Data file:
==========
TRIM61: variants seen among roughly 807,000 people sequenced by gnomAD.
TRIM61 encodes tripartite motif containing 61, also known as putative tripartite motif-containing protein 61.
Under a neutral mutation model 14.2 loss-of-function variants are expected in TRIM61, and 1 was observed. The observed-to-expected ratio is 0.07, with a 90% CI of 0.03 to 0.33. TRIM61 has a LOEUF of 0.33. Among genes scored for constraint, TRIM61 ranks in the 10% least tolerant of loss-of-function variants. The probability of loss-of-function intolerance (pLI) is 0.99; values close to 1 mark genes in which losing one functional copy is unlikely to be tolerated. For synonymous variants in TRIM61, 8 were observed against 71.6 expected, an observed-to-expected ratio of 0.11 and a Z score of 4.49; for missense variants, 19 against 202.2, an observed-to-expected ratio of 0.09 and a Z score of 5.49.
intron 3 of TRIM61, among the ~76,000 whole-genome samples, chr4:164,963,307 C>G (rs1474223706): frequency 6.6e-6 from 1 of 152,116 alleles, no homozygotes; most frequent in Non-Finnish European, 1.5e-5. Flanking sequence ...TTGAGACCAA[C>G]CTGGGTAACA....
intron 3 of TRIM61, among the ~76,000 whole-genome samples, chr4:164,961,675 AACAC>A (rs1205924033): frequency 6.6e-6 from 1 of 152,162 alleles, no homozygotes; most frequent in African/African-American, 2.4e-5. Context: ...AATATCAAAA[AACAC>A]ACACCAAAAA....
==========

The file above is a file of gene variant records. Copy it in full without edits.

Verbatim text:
TRIM61: variants seen among roughly 807,000 people sequenced by gnomAD.
TRIM61 encodes tripartite motif containing 61, also known as putative tripartite motif-containing protein 61.
Under a neutral mutation model 14.2 loss-of-function variants are expected in TRIM61, and 1 was observed. The observed-to-expected ratio is 0.07, with a 90% CI of 0.03 to 0.33. TRIM61 has a LOEUF of 0.33. Among genes scored for constraint, TRIM61 ranks in the 10% least tolerant of loss-of-function variants. The probability of loss-of-function intolerance (pLI) is 0.99; values close to 1 mark genes in which losing one functional copy is unlikely to be tolerated. For synonymous variants in TRIM61, 8 were observed against 71.6 expected, an observed-to-expected ratio of 0.11 and a Z score of 4.49; for missense variants, 19 against 202.2, an observed-to-expected ratio of 0.09 and a Z score of 5.49.
intron 3 of TRIM61, among the ~76,000 whole-genome samples, chr4:164,963,307 C>G (rs1474223706): frequency 6.6e-6 from 1 of 152,116 alleles, no homozygotes; most frequent in Non-Finnish European, 1.5e-5. Flanking sequence ...TTGAGACCAA[C>G]CTGGGTAACA....
intron 3 of TRIM61, among the ~76,000 whole-genome samples, chr4:164,961,675 AACAC>A (rs1205924033): frequency 6.6e-6 from 1 of 152,162 alleles, no homozygotes; most frequent in African/African-American, 2.4e-5. Context: ...AATATCAAAA[AACAC>A]ACACCAAAAA....